Judge Koh should vacate the Apple-Samsung verdict
Jurisprudence demands that US District Judge Lucy Koh right a terrible miscarriage of justice occurring in her courtroom. The Apple-Samsung patent dispute is nothing but a mock trial. The jury ignored key instructions, failed to complete a crucial checklist, made egregious errors on the final verdict form and reached a verdict after 21 hours of deliberations. The foreman misunderstood one of the concepts fundamental to the case -- prior art -- leading the jury astray. Then there is Judge Koh, who prevented Samsung from presenting key evidence or witnesses that could have made its defense and case against Apple more credible.
Apple claims that Samsung copying iOS device designs and patents causes irreparable harm. But the greater injustice is against the South Korean manufacturer, which is branded a copycat and thief -- all while the victim of terrible misreporting by analysts, bloggers, journalists and other writers. Samsung suffers irreparable harm here, not Apple. Judge Koh let this travesty occur on her watch. She should be ashamed and do what this malfeasance demands: Set aside the verdict. Best scenario: She should deny all claims by both parties, and let them sort it all out on appeal. Acceptable: Order a new trial. She let the case get out of control. Time is long past to reel it in.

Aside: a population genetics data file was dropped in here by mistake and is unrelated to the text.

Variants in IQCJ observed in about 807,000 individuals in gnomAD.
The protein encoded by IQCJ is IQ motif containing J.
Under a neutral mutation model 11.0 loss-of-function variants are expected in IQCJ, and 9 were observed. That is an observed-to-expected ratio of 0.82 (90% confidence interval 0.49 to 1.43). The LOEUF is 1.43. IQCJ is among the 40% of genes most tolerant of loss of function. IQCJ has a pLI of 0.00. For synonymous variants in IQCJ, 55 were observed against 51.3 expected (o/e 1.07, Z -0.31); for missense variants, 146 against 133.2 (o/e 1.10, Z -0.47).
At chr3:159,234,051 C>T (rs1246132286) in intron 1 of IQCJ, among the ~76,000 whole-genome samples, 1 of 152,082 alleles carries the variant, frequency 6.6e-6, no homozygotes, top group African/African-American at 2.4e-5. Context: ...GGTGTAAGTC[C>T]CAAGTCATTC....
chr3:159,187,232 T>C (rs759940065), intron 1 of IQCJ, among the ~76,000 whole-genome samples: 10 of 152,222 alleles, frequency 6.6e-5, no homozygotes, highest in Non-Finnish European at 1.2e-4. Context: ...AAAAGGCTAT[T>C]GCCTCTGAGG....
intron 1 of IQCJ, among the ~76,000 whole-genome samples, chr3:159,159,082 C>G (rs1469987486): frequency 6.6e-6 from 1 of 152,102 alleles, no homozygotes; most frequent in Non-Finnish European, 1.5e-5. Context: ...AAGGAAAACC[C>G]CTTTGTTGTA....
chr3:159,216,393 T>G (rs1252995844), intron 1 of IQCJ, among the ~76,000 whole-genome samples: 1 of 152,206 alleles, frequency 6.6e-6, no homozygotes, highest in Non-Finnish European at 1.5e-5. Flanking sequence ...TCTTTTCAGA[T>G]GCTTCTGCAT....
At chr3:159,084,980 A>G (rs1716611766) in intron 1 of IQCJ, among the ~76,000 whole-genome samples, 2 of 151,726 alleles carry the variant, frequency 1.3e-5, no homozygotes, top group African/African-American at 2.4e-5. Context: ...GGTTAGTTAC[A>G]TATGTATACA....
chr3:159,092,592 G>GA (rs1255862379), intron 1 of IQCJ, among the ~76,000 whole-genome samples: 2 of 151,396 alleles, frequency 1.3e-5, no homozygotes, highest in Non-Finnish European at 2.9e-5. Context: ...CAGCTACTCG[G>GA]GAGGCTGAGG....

Let me be clear: This story is not sarcastic funmaking, like August 30's "Samsung is such a copycat". There, as a prelude to this story, I called the company's IFA Berlin announcements rip-offs of iPad and iPhone, using the kind of rhetoric observed among the Apple Fanclub of bloggers, reporters and other supporters. Samsung's IFA products are remarkably innovative and demonstrate just how effectively the electronics giant can compete and bring provocative, compelling products to consumers. These new products look nothing like Apple's.